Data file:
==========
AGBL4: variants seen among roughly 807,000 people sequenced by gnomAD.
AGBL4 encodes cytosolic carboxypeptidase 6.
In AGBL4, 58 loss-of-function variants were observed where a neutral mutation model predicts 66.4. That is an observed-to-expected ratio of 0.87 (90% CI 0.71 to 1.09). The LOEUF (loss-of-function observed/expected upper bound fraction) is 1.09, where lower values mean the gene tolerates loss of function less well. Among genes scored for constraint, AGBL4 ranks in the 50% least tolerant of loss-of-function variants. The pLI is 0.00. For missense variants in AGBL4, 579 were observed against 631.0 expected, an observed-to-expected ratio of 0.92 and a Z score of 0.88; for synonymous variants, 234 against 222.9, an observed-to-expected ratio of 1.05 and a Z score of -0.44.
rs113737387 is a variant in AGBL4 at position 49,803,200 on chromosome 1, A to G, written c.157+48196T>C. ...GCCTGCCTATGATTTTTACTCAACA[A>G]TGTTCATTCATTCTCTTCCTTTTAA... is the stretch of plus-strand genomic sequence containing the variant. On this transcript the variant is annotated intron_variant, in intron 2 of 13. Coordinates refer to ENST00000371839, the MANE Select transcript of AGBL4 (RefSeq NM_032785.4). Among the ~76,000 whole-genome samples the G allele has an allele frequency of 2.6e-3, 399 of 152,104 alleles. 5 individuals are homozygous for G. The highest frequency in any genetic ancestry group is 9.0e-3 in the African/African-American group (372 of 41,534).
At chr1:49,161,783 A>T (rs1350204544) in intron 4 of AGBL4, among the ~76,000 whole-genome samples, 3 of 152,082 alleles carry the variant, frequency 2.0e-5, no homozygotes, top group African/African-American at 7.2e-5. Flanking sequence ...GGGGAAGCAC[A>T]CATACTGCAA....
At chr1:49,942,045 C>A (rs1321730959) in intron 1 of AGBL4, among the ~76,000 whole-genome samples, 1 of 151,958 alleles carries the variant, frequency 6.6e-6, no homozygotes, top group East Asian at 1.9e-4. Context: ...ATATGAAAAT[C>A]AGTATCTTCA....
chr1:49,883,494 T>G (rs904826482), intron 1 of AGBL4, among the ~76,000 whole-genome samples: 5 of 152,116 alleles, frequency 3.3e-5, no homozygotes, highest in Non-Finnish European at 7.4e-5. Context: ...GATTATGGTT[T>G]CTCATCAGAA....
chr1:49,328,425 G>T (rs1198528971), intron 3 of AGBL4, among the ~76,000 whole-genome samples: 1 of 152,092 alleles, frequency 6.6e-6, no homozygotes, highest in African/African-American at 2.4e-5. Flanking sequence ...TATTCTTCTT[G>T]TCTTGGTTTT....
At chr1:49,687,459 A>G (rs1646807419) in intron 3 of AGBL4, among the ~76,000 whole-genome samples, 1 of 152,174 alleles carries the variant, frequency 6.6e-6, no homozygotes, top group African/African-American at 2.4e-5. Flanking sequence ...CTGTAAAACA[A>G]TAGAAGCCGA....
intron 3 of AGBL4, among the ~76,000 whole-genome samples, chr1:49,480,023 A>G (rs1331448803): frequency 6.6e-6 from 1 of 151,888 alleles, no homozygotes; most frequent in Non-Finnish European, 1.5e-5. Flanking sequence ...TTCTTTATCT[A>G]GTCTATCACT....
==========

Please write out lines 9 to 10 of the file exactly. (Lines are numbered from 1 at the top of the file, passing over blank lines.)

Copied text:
At chr1:49,687,459 A>G (rs1646807419) in intron 3 of AGBL4, among the ~76,000 whole-genome samples, 1 of 152,174 alleles carries the variant, frequency 6.6e-6, no homozygotes, top group African/African-American at 2.4e-5. Flanking sequence ...CTGTAAAACA[A>G]TAGAAGCCGA....
intron 3 of AGBL4, among the ~76,000 whole-genome samples, chr1:49,480,023 A>G (rs1331448803): frequency 6.6e-6 from 1 of 151,888 alleles, no homozygotes; most frequent in Non-Finnish European, 1.5e-5. Flanking sequence ...TTCTTTATCT[A>G]GTCTATCACT....